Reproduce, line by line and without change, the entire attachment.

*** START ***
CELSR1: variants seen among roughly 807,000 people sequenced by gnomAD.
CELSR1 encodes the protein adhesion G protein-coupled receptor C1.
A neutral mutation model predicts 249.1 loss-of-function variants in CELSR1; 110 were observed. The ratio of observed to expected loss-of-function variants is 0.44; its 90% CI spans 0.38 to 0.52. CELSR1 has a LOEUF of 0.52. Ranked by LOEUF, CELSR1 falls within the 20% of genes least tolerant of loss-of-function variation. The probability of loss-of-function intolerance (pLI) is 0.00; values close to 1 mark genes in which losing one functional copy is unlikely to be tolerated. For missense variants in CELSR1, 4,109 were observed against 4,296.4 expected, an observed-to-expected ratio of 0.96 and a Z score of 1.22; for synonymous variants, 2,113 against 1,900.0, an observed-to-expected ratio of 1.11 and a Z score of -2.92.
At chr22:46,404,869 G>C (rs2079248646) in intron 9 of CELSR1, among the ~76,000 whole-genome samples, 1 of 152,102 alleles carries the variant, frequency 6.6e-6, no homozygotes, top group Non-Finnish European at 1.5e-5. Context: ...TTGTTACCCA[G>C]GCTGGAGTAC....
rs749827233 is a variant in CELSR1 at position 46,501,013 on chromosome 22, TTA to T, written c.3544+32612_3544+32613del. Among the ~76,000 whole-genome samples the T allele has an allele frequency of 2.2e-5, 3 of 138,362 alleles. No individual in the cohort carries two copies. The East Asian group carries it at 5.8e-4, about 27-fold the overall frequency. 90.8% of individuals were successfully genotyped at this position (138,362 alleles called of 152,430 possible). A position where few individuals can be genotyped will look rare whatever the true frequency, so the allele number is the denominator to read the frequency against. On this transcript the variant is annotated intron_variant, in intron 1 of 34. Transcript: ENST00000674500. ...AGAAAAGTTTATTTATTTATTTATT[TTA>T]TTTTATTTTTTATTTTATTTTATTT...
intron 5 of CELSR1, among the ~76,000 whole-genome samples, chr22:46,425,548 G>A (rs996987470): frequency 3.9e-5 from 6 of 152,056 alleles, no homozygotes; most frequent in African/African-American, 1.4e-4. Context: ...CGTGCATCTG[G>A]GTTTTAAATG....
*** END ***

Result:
CELSR1: variants seen among roughly 807,000 people sequenced by gnomAD.
CELSR1 encodes the protein adhesion G protein-coupled receptor C1.
A neutral mutation model predicts 249.1 loss-of-function variants in CELSR1; 110 were observed. The ratio of observed to expected loss-of-function variants is 0.44; its 90% CI spans 0.38 to 0.52. CELSR1 has a LOEUF of 0.52. Ranked by LOEUF, CELSR1 falls within the 20% of genes least tolerant of loss-of-function variation. The probability of loss-of-function intolerance (pLI) is 0.00; values close to 1 mark genes in which losing one functional copy is unlikely to be tolerated. For missense variants in CELSR1, 4,109 were observed against 4,296.4 expected, an observed-to-expected ratio of 0.96 and a Z score of 1.22; for synonymous variants, 2,113 against 1,900.0, an observed-to-expected ratio of 1.11 and a Z score of -2.92.
At chr22:46,404,869 G>C (rs2079248646) in intron 9 of CELSR1, among the ~76,000 whole-genome samples, 1 of 152,102 alleles carries the variant, frequency 6.6e-6, no homozygotes, top group Non-Finnish European at 1.5e-5. Context: ...TTGTTACCCA[G>C]GCTGGAGTAC....
rs749827233 is a variant in CELSR1 at position 46,501,013 on chromosome 22, TTA to T, written c.3544+32612_3544+32613del. Among the ~76,000 whole-genome samples the T allele has an allele frequency of 2.2e-5, 3 of 138,362 alleles. No individual in the cohort carries two copies. The East Asian group carries it at 5.8e-4, about 27-fold the overall frequency. 90.8% of individuals were successfully genotyped at this position (138,362 alleles called of 152,430 possible). A position where few individuals can be genotyped will look rare whatever the true frequency, so the allele number is the denominator to read the frequency against. On this transcript the variant is annotated intron_variant, in intron 1 of 34. Transcript: ENST00000674500. ...AGAAAAGTTTATTTATTTATTTATT[TTA>T]TTTTATTTTTTATTTTATTTTATTT...
intron 5 of CELSR1, among the ~76,000 whole-genome samples, chr22:46,425,548 G>A (rs996987470): frequency 3.9e-5 from 6 of 152,056 alleles, no homozygotes; most frequent in African/African-American, 1.4e-4. Context: ...CGTGCATCTG[G>A]GTTTTAAATG....